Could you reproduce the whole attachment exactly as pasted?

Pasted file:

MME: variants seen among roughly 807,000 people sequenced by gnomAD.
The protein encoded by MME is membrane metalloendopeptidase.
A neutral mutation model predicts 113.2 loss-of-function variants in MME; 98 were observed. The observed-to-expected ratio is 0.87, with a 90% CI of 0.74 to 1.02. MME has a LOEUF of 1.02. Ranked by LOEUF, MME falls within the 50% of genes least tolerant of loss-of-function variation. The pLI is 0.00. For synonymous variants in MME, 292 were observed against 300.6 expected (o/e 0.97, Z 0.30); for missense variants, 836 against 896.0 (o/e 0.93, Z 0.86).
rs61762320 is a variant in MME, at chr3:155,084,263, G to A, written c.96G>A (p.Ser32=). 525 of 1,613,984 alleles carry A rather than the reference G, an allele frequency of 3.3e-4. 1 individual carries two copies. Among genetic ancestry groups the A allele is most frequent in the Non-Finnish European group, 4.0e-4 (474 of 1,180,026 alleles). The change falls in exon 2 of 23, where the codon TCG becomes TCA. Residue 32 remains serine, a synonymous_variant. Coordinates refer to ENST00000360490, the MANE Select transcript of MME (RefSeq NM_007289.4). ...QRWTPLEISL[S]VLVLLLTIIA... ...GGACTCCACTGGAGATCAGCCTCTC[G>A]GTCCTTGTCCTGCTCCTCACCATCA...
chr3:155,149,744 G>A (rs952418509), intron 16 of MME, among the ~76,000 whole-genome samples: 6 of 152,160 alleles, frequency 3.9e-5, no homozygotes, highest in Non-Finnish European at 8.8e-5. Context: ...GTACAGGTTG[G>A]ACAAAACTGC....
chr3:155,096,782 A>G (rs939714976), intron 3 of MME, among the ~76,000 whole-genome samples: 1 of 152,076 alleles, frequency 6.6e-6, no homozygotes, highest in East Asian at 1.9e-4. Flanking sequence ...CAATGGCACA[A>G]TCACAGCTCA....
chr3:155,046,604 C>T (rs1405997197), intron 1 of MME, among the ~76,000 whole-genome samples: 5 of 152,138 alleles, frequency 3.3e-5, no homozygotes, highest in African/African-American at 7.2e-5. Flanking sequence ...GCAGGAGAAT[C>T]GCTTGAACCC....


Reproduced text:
MME: variants seen among roughly 807,000 people sequenced by gnomAD.
The protein encoded by MME is membrane metalloendopeptidase.
A neutral mutation model predicts 113.2 loss-of-function variants in MME; 98 were observed. The observed-to-expected ratio is 0.87, with a 90% CI of 0.74 to 1.02. MME has a LOEUF of 1.02. Ranked by LOEUF, MME falls within the 50% of genes least tolerant of loss-of-function variation. The pLI is 0.00. For synonymous variants in MME, 292 were observed against 300.6 expected (o/e 0.97, Z 0.30); for missense variants, 836 against 896.0 (o/e 0.93, Z 0.86).
rs61762320 is a variant in MME, at chr3:155,084,263, G to A, written c.96G>A (p.Ser32=). 525 of 1,613,984 alleles carry A rather than the reference G, an allele frequency of 3.3e-4. 1 individual carries two copies. Among genetic ancestry groups the A allele is most frequent in the Non-Finnish European group, 4.0e-4 (474 of 1,180,026 alleles). The change falls in exon 2 of 23, where the codon TCG becomes TCA. Residue 32 remains serine, a synonymous_variant. Coordinates refer to ENST00000360490, the MANE Select transcript of MME (RefSeq NM_007289.4). ...QRWTPLEISL[S]VLVLLLTIIA... ...GGACTCCACTGGAGATCAGCCTCTC[G>A]GTCCTTGTCCTGCTCCTCACCATCA...
chr3:155,149,744 G>A (rs952418509), intron 16 of MME, among the ~76,000 whole-genome samples: 6 of 152,160 alleles, frequency 3.9e-5, no homozygotes, highest in Non-Finnish European at 8.8e-5. Context: ...GTACAGGTTG[G>A]ACAAAACTGC....
chr3:155,096,782 A>G (rs939714976), intron 3 of MME, among the ~76,000 whole-genome samples: 1 of 152,076 alleles, frequency 6.6e-6, no homozygotes, highest in East Asian at 1.9e-4. Flanking sequence ...CAATGGCACA[A>G]TCACAGCTCA....
chr3:155,046,604 C>T (rs1405997197), intron 1 of MME, among the ~76,000 whole-genome samples: 5 of 152,138 alleles, frequency 3.3e-5, no homozygotes, highest in African/African-American at 7.2e-5. Flanking sequence ...GCAGGAGAAT[C>T]GCTTGAACCC....